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aitlyn Martin, an eighth grader at Medina Middle School, was midway through her basketball season when her knee exploded with

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Meet our doctors: They see patients in Dr. Lowell Stonecipher

Dr. Kelly Pucek

Sees patients at Main Clinic only 24 Physicians Drive, Jackson Dr. Stonecipher, board certified in orthopedic surgery, started the West Tennessee Bone & Joint Clinic in 1973. His medical degree is from Tulane University School of Medicine, New Orleans. His residency was at Greenville, South Carolina, General Hospital. Dr. Stonecipher specializes in general orthopedic surgery, spine surgery, arthroscopy and joint replacement. He was the first physician in Jackson to do endoscopic surgery to relieve carpal tunnel pain.

See patients in Selmer every two weeks McNairy Hospital Outpatient Dept. 705 E. Poplar Ave. Dr. Pucek’s medical degree is from the University of Arkansas in Little Rock. His internship and residency were with UT at Erlanger Medical Center in Chattanooga. He received special training in trauma and is board certified in orthopedic surgery. Dr. Pucek specializes in general orthopedic surgery, joint replacement, arthroscopy and trauma surgery.

Dr. Harold M. “Trey” Antwine III

Dr. Michael Cobb Sees patients in Brownsville every two weeks Haywood Park Community Hospital 2545 N. Washington Ave. Dr. Cobb earned his medical degree at UT Health Science Center in Memphis. His internship and residency were at the City of Memphis Hospital; his residency in orthopedic surgery was at the Campbell Clinic in Memphis. He is board certified in orthopedic surgery. Dr. Cobb specializes in general orthopedic surgery, arthroscopy, sports medicine and joint replacement and reconstruction.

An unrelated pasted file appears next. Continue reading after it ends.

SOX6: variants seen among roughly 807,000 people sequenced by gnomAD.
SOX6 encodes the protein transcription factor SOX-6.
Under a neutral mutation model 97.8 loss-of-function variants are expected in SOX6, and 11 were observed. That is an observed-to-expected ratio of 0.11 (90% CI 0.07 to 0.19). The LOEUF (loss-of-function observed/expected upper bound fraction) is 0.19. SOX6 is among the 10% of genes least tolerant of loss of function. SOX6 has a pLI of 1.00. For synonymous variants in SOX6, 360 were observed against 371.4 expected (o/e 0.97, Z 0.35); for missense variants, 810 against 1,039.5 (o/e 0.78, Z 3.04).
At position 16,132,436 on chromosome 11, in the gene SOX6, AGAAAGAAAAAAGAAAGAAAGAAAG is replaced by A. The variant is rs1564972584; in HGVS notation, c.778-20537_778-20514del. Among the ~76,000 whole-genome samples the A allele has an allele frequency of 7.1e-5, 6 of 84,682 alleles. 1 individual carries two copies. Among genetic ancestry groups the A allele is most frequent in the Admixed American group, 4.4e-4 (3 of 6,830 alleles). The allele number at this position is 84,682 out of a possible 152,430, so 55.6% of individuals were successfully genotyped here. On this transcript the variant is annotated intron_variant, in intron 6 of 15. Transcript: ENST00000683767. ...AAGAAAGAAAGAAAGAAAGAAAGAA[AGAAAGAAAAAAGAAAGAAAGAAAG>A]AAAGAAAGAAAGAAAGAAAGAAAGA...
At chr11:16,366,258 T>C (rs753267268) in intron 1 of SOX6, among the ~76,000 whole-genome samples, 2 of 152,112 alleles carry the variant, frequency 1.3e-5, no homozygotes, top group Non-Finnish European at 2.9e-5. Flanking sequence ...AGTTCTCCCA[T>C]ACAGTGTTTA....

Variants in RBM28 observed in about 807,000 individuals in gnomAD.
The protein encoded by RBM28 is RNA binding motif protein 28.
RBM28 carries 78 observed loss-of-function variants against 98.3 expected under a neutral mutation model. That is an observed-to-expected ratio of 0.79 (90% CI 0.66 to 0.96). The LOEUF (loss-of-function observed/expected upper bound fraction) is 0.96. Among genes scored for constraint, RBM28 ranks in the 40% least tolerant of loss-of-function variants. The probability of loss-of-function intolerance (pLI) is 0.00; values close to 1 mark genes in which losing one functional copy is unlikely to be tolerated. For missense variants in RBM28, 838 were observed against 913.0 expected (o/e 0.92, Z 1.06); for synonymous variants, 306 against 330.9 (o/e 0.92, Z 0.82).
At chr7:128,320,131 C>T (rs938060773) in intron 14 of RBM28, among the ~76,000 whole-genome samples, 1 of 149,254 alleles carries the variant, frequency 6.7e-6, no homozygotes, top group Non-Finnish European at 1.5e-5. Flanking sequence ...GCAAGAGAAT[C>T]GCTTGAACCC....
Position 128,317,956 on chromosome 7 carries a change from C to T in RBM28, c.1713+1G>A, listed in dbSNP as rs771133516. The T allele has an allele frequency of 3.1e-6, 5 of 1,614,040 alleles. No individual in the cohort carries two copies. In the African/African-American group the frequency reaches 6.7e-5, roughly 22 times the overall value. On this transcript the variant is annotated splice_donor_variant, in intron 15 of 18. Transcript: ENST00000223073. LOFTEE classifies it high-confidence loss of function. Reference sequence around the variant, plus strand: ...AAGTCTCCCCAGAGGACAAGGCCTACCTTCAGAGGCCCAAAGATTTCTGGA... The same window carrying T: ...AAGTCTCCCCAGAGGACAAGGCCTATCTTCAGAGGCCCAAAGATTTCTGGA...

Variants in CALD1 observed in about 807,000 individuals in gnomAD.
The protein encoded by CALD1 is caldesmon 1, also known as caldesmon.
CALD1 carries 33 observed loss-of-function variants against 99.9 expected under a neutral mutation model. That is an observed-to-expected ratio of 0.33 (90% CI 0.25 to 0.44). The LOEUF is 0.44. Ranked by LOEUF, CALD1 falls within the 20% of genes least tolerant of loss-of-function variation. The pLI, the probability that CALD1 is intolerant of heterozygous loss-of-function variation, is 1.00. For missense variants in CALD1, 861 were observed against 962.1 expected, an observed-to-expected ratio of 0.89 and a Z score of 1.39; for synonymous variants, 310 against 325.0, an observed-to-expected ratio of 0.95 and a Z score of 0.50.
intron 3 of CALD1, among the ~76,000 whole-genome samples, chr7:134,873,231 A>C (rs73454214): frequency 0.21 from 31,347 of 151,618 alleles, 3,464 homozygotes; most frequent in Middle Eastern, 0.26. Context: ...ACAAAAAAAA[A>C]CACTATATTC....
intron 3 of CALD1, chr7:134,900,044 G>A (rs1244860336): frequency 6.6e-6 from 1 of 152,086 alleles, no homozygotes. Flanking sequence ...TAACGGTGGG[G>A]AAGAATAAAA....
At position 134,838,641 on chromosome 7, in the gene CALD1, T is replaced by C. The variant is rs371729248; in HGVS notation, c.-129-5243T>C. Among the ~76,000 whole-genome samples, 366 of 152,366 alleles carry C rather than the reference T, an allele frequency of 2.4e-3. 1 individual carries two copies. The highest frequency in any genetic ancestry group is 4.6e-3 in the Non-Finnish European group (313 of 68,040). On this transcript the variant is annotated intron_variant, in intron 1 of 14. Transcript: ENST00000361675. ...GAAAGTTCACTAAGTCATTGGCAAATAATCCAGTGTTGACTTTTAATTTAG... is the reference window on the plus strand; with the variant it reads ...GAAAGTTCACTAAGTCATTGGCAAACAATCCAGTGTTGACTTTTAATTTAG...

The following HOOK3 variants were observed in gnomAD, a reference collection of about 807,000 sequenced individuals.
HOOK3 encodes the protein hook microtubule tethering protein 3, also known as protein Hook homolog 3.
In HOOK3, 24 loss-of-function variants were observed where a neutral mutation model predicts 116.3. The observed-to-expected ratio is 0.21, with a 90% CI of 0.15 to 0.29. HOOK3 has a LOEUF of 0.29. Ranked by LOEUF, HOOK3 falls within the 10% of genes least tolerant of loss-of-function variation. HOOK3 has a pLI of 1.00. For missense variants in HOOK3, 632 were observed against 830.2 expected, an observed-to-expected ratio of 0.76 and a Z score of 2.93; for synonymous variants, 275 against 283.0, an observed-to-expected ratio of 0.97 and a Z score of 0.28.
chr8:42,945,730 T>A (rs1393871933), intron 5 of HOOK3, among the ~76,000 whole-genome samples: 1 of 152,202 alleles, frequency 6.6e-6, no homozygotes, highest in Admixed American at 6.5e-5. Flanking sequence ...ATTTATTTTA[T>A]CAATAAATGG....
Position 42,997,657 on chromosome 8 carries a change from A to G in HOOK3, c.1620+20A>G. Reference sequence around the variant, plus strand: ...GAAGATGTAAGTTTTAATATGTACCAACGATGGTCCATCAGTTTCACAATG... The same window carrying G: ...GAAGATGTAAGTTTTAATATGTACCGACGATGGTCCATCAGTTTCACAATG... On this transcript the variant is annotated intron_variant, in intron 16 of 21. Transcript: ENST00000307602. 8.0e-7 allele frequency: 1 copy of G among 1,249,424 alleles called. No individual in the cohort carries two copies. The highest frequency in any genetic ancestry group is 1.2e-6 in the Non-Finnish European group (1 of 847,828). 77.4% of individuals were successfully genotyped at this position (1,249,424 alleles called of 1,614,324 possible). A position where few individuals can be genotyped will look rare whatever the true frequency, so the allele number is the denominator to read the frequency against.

Sees patients in Lexington every week Family Physicians of Lexington, 250 Boswell St. Dr. Antwine, board certified in orthopedic surgery, graduated from Tulane University School of Medicine. His internship and residency were at Greenville Memorial Hospital and Shriner’s Hospital for Crippled Children in Greenville, South Carolina. He has a subspecialty certificate in orthopedic sports medicine. He specializes in orthopedic surgery, sports medicine, arthroscopy and joint replacement and reconstruction.

Dr. David Johnson

Dr. David Pearce

Sees patients in Parsons monthly Decatur County Hospital, Outpatient Dept. 969 Tennessee Ave. S Dr. Johnson earned his medical degree at the UT Health Science Center, Memphis. His internship was at Methodist Hospital; his residencies were at Methodist Hospital and the Campbell Clinic, all in Memphis. He is board certified in orthopedic surgery. Dr. Johnson specializes in general orthopedic surgery, sports medicine, arthroscopy and joint replacement and reconstruction.

Sees patients in Union City every week Doctor’s Clinic of Union City 1020 E. Reelfoot Dr. Pearce, a graduate of Georgetown University School of Medicine, completed his residency at the Medical College of Virginia in Richmond and then had a fellowship in sports medicine at Thomas Jefferson University in Philadelphia. Dr. Pearce, who is board certified in orthopedic surgery, specializes in sports medicine, general orthopedic surgery, joint replacement and reconstruction and arthroscopy.